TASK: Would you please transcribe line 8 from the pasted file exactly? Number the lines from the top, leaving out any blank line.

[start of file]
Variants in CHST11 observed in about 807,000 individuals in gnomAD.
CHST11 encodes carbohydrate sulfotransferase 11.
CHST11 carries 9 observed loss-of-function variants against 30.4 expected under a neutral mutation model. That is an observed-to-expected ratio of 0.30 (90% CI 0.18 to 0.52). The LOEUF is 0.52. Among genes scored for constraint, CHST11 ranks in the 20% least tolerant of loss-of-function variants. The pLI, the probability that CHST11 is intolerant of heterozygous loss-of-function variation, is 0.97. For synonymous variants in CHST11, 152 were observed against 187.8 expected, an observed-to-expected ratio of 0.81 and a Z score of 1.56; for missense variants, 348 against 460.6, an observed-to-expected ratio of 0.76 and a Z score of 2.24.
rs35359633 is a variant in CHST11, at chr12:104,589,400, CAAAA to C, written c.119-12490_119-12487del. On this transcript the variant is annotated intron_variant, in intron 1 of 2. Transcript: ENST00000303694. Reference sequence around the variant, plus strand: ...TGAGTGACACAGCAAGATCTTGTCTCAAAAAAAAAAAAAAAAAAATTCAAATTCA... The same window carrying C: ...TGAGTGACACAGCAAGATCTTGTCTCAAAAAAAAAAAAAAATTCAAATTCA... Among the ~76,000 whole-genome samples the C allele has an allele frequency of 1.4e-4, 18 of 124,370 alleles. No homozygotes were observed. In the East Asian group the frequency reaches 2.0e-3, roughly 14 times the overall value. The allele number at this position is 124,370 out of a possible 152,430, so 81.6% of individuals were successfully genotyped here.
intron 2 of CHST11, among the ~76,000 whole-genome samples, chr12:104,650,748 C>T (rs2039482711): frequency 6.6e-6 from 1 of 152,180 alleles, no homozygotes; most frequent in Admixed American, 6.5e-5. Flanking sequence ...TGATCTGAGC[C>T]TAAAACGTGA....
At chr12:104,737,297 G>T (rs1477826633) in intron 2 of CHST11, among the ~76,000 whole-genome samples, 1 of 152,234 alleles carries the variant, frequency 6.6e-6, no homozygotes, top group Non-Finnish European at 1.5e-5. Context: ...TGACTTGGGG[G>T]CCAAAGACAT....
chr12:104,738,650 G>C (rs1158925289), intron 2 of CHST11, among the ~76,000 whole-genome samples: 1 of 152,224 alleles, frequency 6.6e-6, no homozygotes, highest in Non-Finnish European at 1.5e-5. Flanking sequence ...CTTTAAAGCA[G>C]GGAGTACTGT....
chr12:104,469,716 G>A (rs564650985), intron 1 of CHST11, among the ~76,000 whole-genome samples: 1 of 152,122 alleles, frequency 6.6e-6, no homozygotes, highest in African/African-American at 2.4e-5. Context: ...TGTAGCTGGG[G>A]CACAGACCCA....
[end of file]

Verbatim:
chr12:104,469,716 G>A (rs564650985), intron 1 of CHST11, among the ~76,000 whole-genome samples: 1 of 152,122 alleles, frequency 6.6e-6, no homozygotes, highest in African/African-American at 2.4e-5. Context: ...TGTAGCTGGG[G>A]CACAGACCCA....